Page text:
The Ford Focus has been one of the best-selling cars in the UK – consistently appearing in the top 10 new car sales charts since its launch in 1998.
To put its success into perspective, Ford has sold 1.95 million in the UK, nearly 7m in Europe and over 16m worldwide, in 20 years.
Now the manufacturer has unveiled the fourth-generation of its Focus, boasting an all-new look, improved safety tech and new trim levels.
Here we round up all you need to know about the new Focus.
The growth of crossovers has been so rapid that manufacturers are now launching plastic-clad, SUV-style versions of their existing cars. Ford has started doing it too, with ‘Active’ versions. There’s already a Ka+ Active and Fiesta Active and now it’s the turn of the Focus Active.
Vignale is Ford’s new premium brand that aims to add a bit more class and luxury to its models, and therefore acts as the range-topping trim. The Mondeo, Fiesta and Kuga, to name a few, are already available as a Vignale and now it’s the turn of the Focus. It comes laden with standard equipment and a range of colours exclusive to the model.
The last Focus was somewhat lacking in safety kit – not helped by the fact it was an ageing car. However, the new model is loaded with tech. It’s available with adaptive cruise control with Stop & Go that can control the car in low-speed traffic, road sign recognition, lane-centring, steer assist to prevent accidents and self-parking functions. The list could go on…
While we’ve talked about the above safety kit, the headlights on the new Focus are so advanced that they deserve their own mention.
The headlights, using a forward-facing camera, monitor lane markings for up to 65m ahead, enabling the lights to tilt and move to provide the driver with improved visibility on an approach to a corner, roundabout or junction. The headlights are also adaptive, changing height and intensity, as well as having a glare-free high beam that stops you blinding other road users.
Head-up displays have so far been typically restricted to range-topping cars and premium brands, so it’s quite big news that the first Ford to feature a head-up display is actually a Focus. It’s said to be one of the largest displays available, and one of the brightest, too.
Ford has added a new 1.5-litre petrol engine to the Focus. Other engines available include a new 1.5-litre ‘EcoBlue’ diesel engine, a 2.0-litre diesel unit and also a 1.0-litre petrol EcoBoost engine. The engines will range from outputs of 84bhp to 180bhp. It’s worth noting that to begin with that at launch the new 1.5-litre petrol and 2.0-litre diesel engines are not available.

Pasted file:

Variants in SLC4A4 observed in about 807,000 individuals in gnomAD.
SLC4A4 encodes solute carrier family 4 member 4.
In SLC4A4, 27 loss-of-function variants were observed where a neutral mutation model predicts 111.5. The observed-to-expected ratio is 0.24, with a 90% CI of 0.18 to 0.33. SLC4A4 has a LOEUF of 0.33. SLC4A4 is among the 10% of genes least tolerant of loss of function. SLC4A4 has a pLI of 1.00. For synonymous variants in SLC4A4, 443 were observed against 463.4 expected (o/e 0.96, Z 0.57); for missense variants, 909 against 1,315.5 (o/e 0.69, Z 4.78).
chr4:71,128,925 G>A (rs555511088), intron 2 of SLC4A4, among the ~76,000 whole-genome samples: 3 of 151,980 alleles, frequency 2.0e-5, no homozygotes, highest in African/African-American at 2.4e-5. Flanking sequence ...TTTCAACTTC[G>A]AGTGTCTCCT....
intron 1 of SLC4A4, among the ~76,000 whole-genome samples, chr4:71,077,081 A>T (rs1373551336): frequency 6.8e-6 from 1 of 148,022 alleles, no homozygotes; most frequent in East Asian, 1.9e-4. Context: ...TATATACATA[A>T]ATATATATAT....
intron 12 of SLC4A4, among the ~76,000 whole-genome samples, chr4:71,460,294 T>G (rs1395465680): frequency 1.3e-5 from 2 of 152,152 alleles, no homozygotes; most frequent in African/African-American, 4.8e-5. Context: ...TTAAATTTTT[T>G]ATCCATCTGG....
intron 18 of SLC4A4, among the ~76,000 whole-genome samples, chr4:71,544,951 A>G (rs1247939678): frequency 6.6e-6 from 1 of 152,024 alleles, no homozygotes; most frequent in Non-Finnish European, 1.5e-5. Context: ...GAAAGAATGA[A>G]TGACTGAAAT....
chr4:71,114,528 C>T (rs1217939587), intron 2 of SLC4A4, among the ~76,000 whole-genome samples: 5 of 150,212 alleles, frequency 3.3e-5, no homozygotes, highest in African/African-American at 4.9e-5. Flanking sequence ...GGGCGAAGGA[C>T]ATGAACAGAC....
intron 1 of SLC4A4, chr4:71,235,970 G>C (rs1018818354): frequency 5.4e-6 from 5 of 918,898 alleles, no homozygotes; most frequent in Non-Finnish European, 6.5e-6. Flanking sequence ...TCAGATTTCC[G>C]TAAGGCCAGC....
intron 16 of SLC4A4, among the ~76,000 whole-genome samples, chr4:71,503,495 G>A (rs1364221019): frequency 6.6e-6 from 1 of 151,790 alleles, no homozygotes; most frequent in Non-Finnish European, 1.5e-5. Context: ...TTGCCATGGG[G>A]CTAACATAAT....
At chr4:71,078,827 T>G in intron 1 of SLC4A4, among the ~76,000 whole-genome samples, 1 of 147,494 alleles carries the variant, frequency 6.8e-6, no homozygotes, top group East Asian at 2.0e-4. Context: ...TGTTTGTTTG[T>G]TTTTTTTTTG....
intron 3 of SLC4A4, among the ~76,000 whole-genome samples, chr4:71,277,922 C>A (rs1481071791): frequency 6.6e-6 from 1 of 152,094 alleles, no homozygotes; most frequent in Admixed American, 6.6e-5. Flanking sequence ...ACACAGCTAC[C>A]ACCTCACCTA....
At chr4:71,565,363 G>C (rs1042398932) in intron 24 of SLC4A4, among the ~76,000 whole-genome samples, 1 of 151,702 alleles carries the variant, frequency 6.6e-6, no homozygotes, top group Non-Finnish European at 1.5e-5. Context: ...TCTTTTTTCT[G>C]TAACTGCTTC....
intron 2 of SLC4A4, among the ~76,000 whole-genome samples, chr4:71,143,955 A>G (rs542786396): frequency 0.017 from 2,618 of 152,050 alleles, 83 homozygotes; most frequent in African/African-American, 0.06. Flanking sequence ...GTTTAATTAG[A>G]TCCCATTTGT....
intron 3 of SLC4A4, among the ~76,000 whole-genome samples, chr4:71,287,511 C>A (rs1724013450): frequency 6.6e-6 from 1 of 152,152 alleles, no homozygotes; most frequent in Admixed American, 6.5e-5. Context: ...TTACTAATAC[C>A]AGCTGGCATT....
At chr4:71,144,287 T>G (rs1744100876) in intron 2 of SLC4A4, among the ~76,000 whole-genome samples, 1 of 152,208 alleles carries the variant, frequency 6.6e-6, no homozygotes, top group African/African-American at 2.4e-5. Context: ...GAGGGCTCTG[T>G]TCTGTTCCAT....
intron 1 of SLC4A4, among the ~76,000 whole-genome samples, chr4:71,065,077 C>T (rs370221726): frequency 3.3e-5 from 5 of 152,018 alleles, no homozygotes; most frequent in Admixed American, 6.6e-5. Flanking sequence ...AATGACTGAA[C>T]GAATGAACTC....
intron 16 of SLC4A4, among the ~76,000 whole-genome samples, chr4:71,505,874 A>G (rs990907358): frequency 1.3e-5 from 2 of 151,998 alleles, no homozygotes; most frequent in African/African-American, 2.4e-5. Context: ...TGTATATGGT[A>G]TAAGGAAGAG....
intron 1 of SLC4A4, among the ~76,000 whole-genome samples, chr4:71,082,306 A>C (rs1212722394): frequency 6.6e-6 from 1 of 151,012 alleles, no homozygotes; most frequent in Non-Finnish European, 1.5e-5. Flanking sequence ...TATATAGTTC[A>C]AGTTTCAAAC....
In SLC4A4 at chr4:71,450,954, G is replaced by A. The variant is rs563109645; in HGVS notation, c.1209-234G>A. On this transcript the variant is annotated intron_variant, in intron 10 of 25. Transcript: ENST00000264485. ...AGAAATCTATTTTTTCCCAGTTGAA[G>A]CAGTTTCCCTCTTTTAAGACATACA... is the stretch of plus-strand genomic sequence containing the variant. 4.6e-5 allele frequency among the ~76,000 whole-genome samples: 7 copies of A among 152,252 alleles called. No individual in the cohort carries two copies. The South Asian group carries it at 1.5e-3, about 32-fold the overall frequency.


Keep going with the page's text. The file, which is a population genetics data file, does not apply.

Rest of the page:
Estate cars are not as popular as they once were, so it’s good to see Ford still making a practical estate variant of the Focus -. As well as the estate, you can also get it as a five-door hatch, but like the last generation car, you don’t have the option of having it as a three-door. Other markets do, however, get the option of a saloon.
The trim levels available on the new Focus, in ascending order of price, include Style, Zetec, Titanium, ST-Line, Titanium X, ST Line X and Vignale. There’s also the aforementioned Active, but prices are yet to be released for this version. Each grade boasts a slightly different appearance and equipment levels.
While this somewhat sounds like design waffle – and to an extent it is – Ford has clearly made the Focus a lot more user-friendly.
Gone are the cluttered dashboards of the past – replaced with a simple button layout and an eight-inch touchscreen (on certain models) with ‘Sync 3’ infotainment. The Focus has also moved upmarket, and also features a longer wheelbase that aids practicality, too.
Fords have been renowned for their driving experience for some time – in fact it’s one of the brand’s key selling points. A new chassis is said to deliver an “energetic, engaging and rewarding fun-to-drive experience”, so it’s pleasing to see that Ford is balancing fun and safety in the new Focus.
What this essentially means is connectivity features. The tech allows you to use the car’s WiFi hotspot to connect up to 10 devices. If the feature is used alongside the FordPass mobile app, it also allows you to locate the vehicle, check the car’s oil and fuel levels, unlock the car remotely and also start the car, providing it’s fitted with the automatic gearbox.
For a family hatch, the last-generation Focus wasn’t as practical as you might think, with limited rear space and a boot size that rivals easily exceeded. The latest model has 50mm more knee room, 60mm more shoulder room and a boot that’s been designed to house a dog cage.
Prices for the new Focus start at £17,930 for the hatchback, and £19,050 for the estate. This rises to £28,890 for a range-topping Vignale estate. Because Ford ditched the out-going Focus’s low-level trim levels to focus (sorry) on its best-selling trims, it actually means that the new model’s range starts at over £2,000 less than the outgoing model.
Order books are open from today for the new Focus, with first deliveries expected from September. Ford dealerships are certainly going to have a busy few months ahead…
April 10, 2018